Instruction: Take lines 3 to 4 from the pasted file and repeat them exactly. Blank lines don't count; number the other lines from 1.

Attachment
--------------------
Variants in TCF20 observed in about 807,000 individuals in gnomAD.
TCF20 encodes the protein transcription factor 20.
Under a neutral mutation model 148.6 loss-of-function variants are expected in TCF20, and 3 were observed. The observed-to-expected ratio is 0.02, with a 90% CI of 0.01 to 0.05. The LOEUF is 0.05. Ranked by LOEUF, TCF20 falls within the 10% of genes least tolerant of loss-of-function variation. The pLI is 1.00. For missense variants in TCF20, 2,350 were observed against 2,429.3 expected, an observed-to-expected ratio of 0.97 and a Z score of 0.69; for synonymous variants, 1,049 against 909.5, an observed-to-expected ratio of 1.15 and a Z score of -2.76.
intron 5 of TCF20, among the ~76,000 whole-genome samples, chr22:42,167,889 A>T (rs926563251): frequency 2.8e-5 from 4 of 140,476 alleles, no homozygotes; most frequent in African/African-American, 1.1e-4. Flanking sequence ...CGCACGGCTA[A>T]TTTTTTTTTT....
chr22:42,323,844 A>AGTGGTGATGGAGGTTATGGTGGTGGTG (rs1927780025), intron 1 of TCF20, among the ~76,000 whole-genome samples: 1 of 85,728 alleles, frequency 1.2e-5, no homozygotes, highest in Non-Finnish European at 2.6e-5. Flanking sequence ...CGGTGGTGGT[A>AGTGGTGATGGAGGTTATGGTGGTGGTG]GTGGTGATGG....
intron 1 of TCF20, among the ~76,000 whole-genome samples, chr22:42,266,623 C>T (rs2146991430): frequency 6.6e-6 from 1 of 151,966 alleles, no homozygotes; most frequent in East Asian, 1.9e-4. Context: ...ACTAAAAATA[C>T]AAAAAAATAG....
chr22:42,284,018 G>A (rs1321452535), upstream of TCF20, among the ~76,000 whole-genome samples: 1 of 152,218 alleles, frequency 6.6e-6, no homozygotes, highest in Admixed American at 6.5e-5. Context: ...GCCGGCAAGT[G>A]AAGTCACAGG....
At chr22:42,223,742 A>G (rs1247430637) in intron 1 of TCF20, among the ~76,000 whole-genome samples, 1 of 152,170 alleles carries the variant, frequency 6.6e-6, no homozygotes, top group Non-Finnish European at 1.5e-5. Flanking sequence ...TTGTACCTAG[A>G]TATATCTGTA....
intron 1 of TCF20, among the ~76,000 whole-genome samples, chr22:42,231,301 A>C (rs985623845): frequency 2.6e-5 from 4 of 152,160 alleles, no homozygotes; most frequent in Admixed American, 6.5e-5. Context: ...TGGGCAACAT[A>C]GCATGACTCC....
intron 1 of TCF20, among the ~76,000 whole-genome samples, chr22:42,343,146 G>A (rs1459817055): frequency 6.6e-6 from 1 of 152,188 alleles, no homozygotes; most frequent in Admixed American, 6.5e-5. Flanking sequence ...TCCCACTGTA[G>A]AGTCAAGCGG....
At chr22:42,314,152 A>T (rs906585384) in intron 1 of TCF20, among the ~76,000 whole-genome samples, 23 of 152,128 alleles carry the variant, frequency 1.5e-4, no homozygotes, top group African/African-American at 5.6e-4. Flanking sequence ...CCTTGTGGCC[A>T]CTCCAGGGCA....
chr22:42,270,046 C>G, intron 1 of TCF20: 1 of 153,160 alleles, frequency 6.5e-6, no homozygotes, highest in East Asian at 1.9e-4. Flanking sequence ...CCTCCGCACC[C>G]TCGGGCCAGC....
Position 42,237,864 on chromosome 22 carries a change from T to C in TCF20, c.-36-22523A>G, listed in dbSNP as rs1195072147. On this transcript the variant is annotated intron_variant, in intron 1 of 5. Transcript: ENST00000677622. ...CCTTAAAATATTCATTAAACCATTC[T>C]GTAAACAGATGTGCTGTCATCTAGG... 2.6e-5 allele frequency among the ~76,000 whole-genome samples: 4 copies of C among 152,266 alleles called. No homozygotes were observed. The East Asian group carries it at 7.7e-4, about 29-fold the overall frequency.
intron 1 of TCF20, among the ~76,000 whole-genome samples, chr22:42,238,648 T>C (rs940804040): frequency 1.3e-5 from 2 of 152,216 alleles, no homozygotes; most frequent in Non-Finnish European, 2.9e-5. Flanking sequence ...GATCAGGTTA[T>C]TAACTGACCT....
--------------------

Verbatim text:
Under a neutral mutation model 148.6 loss-of-function variants are expected in TCF20, and 3 were observed. The observed-to-expected ratio is 0.02, with a 90% CI of 0.01 to 0.05. The LOEUF is 0.05. Ranked by LOEUF, TCF20 falls within the 10% of genes least tolerant of loss-of-function variation. The pLI is 1.00. For missense variants in TCF20, 2,350 were observed against 2,429.3 expected, an observed-to-expected ratio of 0.97 and a Z score of 0.69; for synonymous variants, 1,049 against 909.5, an observed-to-expected ratio of 1.15 and a Z score of -2.76.
intron 5 of TCF20, among the ~76,000 whole-genome samples, chr22:42,167,889 A>T (rs926563251): frequency 2.8e-5 from 4 of 140,476 alleles, no homozygotes; most frequent in African/African-American, 1.1e-4. Flanking sequence ...CGCACGGCTA[A>T]TTTTTTTTTT....